Aspirin adds cancer to its success list

By Roger Highfield
The Sydney Morning Sun-Herald

April 13 2003

Aspirin, the mild painkiller which has been used against rheumatoid arthritis, strokes and heart attacks, may help women beat breast cancer, new research has shown.

Research already suggests the drug may help prevent bowel, pancreatic and lung cancer, and a team in Italy has reported that taking regular doses for five years or more can cut the risk of cancers of the mouth, throat and oesophagus by two thirds.

Last week the drug's superstar status was confirmed by a US study of more than 80,000 women which concluded that regular use of aspirin and ibuprofen can hinder the formation and growth of breast cancer, cutting the risk by up to half.

Aspirin must now count as one of the greatest finds in medical history.

About 50,000 tonnes of aspirin are now made annually. After this week's headlines, that amount looks likely to grow further.

The new findings emerge from the Women's Health Initiative, a US government study started more than a decade ago to track diseases such as cancer.

The data reveal that taking two or more tablets of aspirin and other so-called non-steroidal anti-inflammatory drugs a week has a significant effect in reducing the risk of breast cancer.

Most of the women were taking aspirin and ibuprofen for arthritis, muscle pain or headaches. Regular use of the drugs for five to nine years reduced their risk of developing breast cancer by 21 per cent, according to Professor Randall Harris of Ohio State University and his team.


Study Shows Why Aspirin, Fiber Prevent Cancer

Wed April 9, 2003 01:10 PM ET


WASHINGTON (Reuters) - Painkillers such as aspirin and ibuprofen may help prevent colon cancer by preventing tumor cells from becoming immortal, and eating fiber may work in a similar way, U.S. scientists reported on Wednesday.

Studies have shown that people who regularly take aspirin and other related drugs known as non-steroidal anti-inflammatory drugs or NSAIDS have a lower risk of cancer. So do people who eat a high-fiber diet.

But the mechanisms remain unclear.

In one study that may help explain why, Dr. David Frank of the Dana-Farber Cancer Institute and Harvard Medical School in Boston and colleagues noted that colon cancer cells have abnormally high levels of an immune system protein called interleukin-6 or IL-6.

Frank's team treated colon cancer cells in the laboratory with NSAIDs such as ibuprofen, aspirin and sulindac. They also tested butyrate, a compound produced when the body breaks down dietary fiber.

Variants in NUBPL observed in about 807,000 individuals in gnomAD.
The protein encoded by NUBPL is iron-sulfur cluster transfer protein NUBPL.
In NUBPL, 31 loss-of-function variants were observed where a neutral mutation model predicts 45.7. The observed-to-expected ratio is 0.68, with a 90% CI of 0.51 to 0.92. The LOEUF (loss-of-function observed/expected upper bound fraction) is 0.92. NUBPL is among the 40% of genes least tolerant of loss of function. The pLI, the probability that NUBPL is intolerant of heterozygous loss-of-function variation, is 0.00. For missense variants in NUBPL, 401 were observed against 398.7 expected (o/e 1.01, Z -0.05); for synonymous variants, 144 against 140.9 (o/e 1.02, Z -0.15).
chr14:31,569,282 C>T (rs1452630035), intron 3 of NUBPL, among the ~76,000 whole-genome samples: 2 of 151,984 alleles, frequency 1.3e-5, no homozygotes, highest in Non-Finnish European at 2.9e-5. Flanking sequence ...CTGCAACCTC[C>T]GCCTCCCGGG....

They found that IL-6 in turn activates another protein called STAT1, which shuts down a process called cell suicide. Cells are programmed to self-destruct when they become abnormal, as in cancer, but STAT1 interferes with this process. The cells become immortal, starting the out-of-control proliferation that results in a tumor.

The painkillers stop IL-6 from activating STAT1, Franks' team found. Butyrate also blocks IL-6, but through a different mechanism, they found.

They were scheduled to present their findings to an annual meeting of the American Association of Cancer Research in Toronto this week, but the meeting was canceled because of fears about an outbreak of a new virus causing severe acute respiratory syndrome.

The next step is to find more direct ways to block the STAT1 protein in patients who have already developed cancer, Frank said.

In a second study that was to be presented at AACR, a team at Ohio State University said they found that women who took the painkillers regularly had a lower risk of breast cancer.

"These results suggest that even women at high risk for breast cancer may be protected by taking NSAIDs," said Dr. Randall Harris, who led the study.

But more research is needed before doctors start telling women to take ibuprofen to prevent breast cancer, Harris said in a statement.

His team looked at data from the National Cancer Institute's Women's Health Initiative, which follows tens of thousands of women, their habits, and their health.

They found that women who took two or more NSAIDs a week for five to nine years reduced their risk of breast cancer by 21 percent. Low-dose aspirin, often recommended to protect against heart disease, had no effect, but regular-dose aspirin did.


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